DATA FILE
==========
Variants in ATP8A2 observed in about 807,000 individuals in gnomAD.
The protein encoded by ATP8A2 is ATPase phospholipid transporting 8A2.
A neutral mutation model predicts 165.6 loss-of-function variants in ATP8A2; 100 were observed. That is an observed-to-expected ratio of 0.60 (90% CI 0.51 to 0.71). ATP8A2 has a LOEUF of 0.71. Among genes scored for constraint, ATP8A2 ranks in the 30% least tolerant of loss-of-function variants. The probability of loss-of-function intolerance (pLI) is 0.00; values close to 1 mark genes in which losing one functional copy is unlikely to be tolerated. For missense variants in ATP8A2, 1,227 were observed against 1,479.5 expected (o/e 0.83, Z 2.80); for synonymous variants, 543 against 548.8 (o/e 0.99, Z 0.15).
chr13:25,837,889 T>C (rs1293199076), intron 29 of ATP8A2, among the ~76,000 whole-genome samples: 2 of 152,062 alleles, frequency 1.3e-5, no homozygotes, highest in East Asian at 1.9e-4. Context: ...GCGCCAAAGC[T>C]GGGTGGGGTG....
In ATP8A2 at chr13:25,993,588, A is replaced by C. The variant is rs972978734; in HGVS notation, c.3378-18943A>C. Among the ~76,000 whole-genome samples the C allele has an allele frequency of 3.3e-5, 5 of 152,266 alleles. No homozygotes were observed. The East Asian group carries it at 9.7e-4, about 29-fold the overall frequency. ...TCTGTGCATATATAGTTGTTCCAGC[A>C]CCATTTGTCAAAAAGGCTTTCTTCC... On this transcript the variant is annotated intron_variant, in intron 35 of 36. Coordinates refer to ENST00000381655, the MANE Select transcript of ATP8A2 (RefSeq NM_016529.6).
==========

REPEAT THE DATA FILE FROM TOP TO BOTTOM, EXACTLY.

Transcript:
Variants in ATP8A2 observed in about 807,000 individuals in gnomAD.
The protein encoded by ATP8A2 is ATPase phospholipid transporting 8A2.
A neutral mutation model predicts 165.6 loss-of-function variants in ATP8A2; 100 were observed. That is an observed-to-expected ratio of 0.60 (90% CI 0.51 to 0.71). ATP8A2 has a LOEUF of 0.71. Among genes scored for constraint, ATP8A2 ranks in the 30% least tolerant of loss-of-function variants. The probability of loss-of-function intolerance (pLI) is 0.00; values close to 1 mark genes in which losing one functional copy is unlikely to be tolerated. For missense variants in ATP8A2, 1,227 were observed against 1,479.5 expected (o/e 0.83, Z 2.80); for synonymous variants, 543 against 548.8 (o/e 0.99, Z 0.15).
chr13:25,837,889 T>C (rs1293199076), intron 29 of ATP8A2, among the ~76,000 whole-genome samples: 2 of 152,062 alleles, frequency 1.3e-5, no homozygotes, highest in East Asian at 1.9e-4. Context: ...GCGCCAAAGC[T>C]GGGTGGGGTG....
In ATP8A2 at chr13:25,993,588, A is replaced by C. The variant is rs972978734; in HGVS notation, c.3378-18943A>C. Among the ~76,000 whole-genome samples the C allele has an allele frequency of 3.3e-5, 5 of 152,266 alleles. No homozygotes were observed. The East Asian group carries it at 9.7e-4, about 29-fold the overall frequency. ...TCTGTGCATATATAGTTGTTCCAGC[A>C]CCATTTGTCAAAAAGGCTTTCTTCC... On this transcript the variant is annotated intron_variant, in intron 35 of 36. Coordinates refer to ENST00000381655, the MANE Select transcript of ATP8A2 (RefSeq NM_016529.6).